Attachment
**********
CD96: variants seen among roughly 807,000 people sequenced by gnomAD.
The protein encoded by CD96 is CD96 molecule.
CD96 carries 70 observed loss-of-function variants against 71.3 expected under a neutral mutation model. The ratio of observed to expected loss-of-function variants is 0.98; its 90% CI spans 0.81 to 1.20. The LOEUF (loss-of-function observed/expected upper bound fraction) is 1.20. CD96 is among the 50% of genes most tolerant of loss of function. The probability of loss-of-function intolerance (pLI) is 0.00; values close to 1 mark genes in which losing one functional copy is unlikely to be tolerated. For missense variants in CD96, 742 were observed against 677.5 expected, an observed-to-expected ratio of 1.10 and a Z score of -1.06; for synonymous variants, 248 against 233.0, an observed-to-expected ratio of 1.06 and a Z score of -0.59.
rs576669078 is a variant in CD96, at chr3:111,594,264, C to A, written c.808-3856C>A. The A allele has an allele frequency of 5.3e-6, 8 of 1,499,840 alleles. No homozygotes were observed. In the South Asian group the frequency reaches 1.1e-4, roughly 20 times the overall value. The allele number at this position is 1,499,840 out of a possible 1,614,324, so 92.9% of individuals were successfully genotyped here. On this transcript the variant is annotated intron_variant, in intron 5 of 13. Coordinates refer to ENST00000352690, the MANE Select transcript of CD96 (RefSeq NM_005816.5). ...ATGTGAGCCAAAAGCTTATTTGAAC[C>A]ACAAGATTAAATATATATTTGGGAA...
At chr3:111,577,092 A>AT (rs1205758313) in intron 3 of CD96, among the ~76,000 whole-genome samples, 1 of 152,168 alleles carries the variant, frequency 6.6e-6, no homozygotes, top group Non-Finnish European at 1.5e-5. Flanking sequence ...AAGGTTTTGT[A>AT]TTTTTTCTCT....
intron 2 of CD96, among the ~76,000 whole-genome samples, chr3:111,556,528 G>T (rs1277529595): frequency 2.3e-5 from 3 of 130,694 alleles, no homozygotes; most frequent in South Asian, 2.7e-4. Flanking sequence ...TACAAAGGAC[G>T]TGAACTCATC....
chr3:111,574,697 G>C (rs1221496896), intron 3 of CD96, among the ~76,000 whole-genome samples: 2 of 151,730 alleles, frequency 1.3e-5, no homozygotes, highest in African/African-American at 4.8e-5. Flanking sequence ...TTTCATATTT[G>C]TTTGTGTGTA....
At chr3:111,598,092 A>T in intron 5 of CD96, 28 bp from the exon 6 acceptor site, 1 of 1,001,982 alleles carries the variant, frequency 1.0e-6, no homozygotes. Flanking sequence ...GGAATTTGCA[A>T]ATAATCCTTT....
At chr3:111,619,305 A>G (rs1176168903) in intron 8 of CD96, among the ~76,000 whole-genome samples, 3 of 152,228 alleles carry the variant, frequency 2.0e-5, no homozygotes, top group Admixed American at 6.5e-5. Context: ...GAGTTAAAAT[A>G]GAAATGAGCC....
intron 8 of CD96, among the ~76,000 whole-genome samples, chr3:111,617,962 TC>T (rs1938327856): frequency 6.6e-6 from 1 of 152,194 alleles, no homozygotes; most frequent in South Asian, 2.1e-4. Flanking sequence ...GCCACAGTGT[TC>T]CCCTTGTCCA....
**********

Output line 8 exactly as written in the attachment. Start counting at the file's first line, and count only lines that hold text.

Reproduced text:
At chr3:111,598,092 A>T in intron 5 of CD96, 28 bp from the exon 6 acceptor site, 1 of 1,001,982 alleles carries the variant, frequency 1.0e-6, no homozygotes. Flanking sequence ...GGAATTTGCA[A>T]ATAATCCTTT....